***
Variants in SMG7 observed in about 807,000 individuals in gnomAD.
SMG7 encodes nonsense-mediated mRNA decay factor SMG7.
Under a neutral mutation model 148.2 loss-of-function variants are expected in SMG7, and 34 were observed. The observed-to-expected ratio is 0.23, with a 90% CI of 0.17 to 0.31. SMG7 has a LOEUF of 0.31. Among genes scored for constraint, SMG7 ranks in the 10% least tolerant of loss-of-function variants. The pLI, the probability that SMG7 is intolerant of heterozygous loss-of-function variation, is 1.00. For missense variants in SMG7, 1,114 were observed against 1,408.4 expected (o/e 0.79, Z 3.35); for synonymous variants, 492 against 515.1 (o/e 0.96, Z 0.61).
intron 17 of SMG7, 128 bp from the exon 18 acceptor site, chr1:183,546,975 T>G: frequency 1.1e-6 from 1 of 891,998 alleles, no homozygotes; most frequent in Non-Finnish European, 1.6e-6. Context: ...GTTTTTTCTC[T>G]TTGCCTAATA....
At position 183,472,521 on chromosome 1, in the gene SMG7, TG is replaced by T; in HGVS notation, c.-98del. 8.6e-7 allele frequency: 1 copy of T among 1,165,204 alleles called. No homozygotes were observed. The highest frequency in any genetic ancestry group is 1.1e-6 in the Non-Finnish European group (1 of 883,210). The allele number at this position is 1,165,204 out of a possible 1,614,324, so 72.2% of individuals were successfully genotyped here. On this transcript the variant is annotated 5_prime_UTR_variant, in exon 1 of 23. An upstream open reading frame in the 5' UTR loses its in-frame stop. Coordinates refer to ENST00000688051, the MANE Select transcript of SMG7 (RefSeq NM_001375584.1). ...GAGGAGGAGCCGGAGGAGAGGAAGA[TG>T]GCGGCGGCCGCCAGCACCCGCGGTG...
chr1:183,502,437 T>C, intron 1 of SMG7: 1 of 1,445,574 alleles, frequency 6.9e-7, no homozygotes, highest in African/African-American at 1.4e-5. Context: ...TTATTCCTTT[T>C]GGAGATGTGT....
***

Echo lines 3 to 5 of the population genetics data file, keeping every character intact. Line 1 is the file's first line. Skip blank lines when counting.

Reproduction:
Under a neutral mutation model 148.2 loss-of-function variants are expected in SMG7, and 34 were observed. The observed-to-expected ratio is 0.23, with a 90% CI of 0.17 to 0.31. SMG7 has a LOEUF of 0.31. Among genes scored for constraint, SMG7 ranks in the 10% least tolerant of loss-of-function variants. The pLI, the probability that SMG7 is intolerant of heterozygous loss-of-function variation, is 1.00. For missense variants in SMG7, 1,114 were observed against 1,408.4 expected (o/e 0.79, Z 3.35); for synonymous variants, 492 against 515.1 (o/e 0.96, Z 0.61).
intron 17 of SMG7, 128 bp from the exon 18 acceptor site, chr1:183,546,975 T>G: frequency 1.1e-6 from 1 of 891,998 alleles, no homozygotes; most frequent in Non-Finnish European, 1.6e-6. Context: ...GTTTTTTCTC[T>G]TTGCCTAATA....
At position 183,472,521 on chromosome 1, in the gene SMG7, TG is replaced by T; in HGVS notation, c.-98del. 8.6e-7 allele frequency: 1 copy of T among 1,165,204 alleles called. No homozygotes were observed. The highest frequency in any genetic ancestry group is 1.1e-6 in the Non-Finnish European group (1 of 883,210). The allele number at this position is 1,165,204 out of a possible 1,614,324, so 72.2% of individuals were successfully genotyped here. On this transcript the variant is annotated 5_prime_UTR_variant, in exon 1 of 23. An upstream open reading frame in the 5' UTR loses its in-frame stop. Coordinates refer to ENST00000688051, the MANE Select transcript of SMG7 (RefSeq NM_001375584.1). ...GAGGAGGAGCCGGAGGAGAGGAAGA[TG>T]GCGGCGGCCGCCAGCACCCGCGGTG...